OLYMPIA -- A bill to give all businesses in Washington the same low Business and Occupation Tax rate, cutting some $1.8 billion out of state coffers next year, is a bad idea several people told the House Finance Committee.
Including the bill's sponsor, Rep. Larry Haler, R-Richland.
Haler said he proposed HB 2110 after last fall's special session to extend tax preferences to Boeing in an effort to land the production facilities for a new jetliner. "A lot of people are saying 'Why can't we have the Boeing deal?'" Haler told the committee.
Among those wondering most were farmers, who Haler said were "just scraping by" and who some members of the Legislature "are trying to get at" because they think farmers are wealthy.
Haler's bill would make almost every business's B&O tax rate .29 percent of gross receipts. The state currently has 12 different rates across 51 business classifications with many paying between .47 percent and 1.5 percent.
But Haler's bill would more than double the rate of .13 percent that farmers currently pay, Committee Chairman Reuven Carlyle, D-Seattle, said.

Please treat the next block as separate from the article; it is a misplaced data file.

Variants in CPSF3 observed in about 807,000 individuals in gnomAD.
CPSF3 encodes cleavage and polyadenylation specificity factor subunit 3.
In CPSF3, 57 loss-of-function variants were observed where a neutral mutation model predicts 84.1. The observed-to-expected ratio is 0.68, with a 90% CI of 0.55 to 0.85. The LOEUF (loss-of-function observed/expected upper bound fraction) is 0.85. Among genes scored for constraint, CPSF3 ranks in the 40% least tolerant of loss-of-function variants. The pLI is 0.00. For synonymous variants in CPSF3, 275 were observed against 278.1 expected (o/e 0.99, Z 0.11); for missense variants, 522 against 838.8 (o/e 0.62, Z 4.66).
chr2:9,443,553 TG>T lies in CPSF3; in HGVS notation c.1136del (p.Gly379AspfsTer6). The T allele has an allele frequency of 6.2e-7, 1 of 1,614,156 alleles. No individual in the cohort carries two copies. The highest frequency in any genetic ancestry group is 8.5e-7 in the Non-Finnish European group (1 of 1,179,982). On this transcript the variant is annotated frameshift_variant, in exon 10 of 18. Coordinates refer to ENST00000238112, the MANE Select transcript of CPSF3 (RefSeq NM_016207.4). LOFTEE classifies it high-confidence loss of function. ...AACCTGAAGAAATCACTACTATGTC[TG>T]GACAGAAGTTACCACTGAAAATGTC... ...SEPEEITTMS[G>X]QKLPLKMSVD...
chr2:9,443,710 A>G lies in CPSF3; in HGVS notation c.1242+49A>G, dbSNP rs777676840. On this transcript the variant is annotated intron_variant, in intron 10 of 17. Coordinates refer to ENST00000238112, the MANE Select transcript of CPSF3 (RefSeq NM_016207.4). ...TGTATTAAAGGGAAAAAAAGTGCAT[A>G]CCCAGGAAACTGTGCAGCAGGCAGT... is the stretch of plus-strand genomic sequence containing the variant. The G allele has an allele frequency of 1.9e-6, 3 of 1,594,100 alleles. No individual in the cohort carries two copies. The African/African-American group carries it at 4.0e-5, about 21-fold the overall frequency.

Rep. Cary Condotta, R-East Wenatchee, asked if Haler had any ideas on how the state would replace an estimated $1.8 billion in revenue in fiscal 2015 and $4.1 billion in the following two years.
No, said Haler. "I Would never advocate an income tax. There are probably other options out there."
The proposal also doesn't address all the tax exemptions and breaks the state has written into its tax code, Rep. Gerry Pollet, R-Seattle, said.
Haler agreed: "The state shouldn't be in the business of picking winners and losers."
Such a major change in tax policy probably can't be done in a short 60-day session, he said, but the Legislature should at least consider a special study of equalizing the B&O tax rate.